I don't see the district currently doing this. For example, when I started teaching 5th grade our science MSP scores were low. I met a 5th grade teacher at a different school and found out that test scores were high at her school. I asked her what she did. She graciously sent me her binder of engaging experiments they had developed at her school. It was a great help to us. We have since added our own experiments, homework assignments, and developed science units. Our students have improved every year but we have never been asked what we do or had a way to share it.
I am sure there are lots of similar success stories to ours out there whether it be how to best communicate with families, get kids to learn their multiplication facts, do their homework, improve their writing skills. Who is doing well and what are they doing?
There are so many studies that prove that when kids have access to arts education: music, visual arts, performing arts, test scores improve. When children are engaged they are more likely to stay in school and do well. Not every child in engaged by playing sports or doing homework. Access to the arts allows more kids to succeed by encouraging their talents and sustaining involvement. This is not a budget issue, as there are many talented professionals and organizations within our community who would volunteer to bring more arts education into the schools. This is an issue about time and importance. The district needs to make arts education a priority within the curriculum so that we can create stronger schools, better students, and a more successful school district.
The middle schools would have a better understanding of where the elementary school children are curriculum-wise, and offer classes that serve students at different levels. For instance, all children who are ready for algebra in 7th grade should be able to have access to an algebra program in 7th grade and the option to take more advanced math in 8th grade, either at the middle school or by arrangement with the nearest high school. The integration between the schools should be clearly communicated to parents. There should be more and earlier open houses at the middle and high-school levels to introduce students and parents to the school and allow for questions about curriculum, etc.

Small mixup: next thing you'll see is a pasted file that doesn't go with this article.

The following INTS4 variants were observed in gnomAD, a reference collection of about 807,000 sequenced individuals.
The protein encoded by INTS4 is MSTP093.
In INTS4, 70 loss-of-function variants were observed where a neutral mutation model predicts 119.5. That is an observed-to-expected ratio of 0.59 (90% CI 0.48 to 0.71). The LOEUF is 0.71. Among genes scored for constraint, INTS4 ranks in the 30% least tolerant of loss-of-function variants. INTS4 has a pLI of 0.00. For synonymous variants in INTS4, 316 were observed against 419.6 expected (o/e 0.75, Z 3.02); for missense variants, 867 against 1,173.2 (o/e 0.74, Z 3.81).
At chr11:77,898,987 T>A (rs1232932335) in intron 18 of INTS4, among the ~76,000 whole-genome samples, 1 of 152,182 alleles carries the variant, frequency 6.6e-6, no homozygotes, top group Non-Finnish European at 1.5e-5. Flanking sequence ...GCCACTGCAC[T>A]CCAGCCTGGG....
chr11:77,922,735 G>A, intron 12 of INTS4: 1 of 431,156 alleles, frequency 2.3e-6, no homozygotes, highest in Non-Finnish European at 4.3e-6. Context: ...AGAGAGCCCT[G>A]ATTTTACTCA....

Band parents together to hold HPS system accountable for protecting our children.
It seems that the current Special Education program is very rigid. It is not flexible at all and it is my impression this is mandated by the school district. I would like to be able to collaborate with the special education team to have my students receive support that is connected to what we do in the classroom. The current lack of continuity is very frustrating and a change would be a "game changer!"
I promise not to post any more ideas (at least not tonight...)
Imagine if most of the high schools in the district did not have a football team, or if elementary schools did not have softball teams or Field Day. Few people would stand for that, and for good reason. But just as all schools should encourage physical excellence, they should encourage academic excellence, as well.
Academic excellence does not mean getting a perfect score on a test in class, just like physical excellence does not mean doing 20 push ups in PE, although both are great. Academic excellence means reaching beyond the classroom and testing ourselves against others. This isn't just for a few superstar students; there needs to be a team to support them, just like the star quarterback needs a team to support him and a team to compete against.
I believe the district should require/pressure/encourage schools to create math clubs, robotics clubs, chess clubs, creative writing clubs, language clubs, etc. to a much larger extent than they currently do. I understand that not all schools will be able to have every possible club, but to have few or none should be unacceptable.
The district could provide mentors for teachers or parents who are unsure how to run such clubs, and could provide small stipends that build over time until such "positions" are filled. To really be pursuing academic excellence, clubs should be encouraged to attend regional competitions and events to measure themselves against their peers from other schools and districts.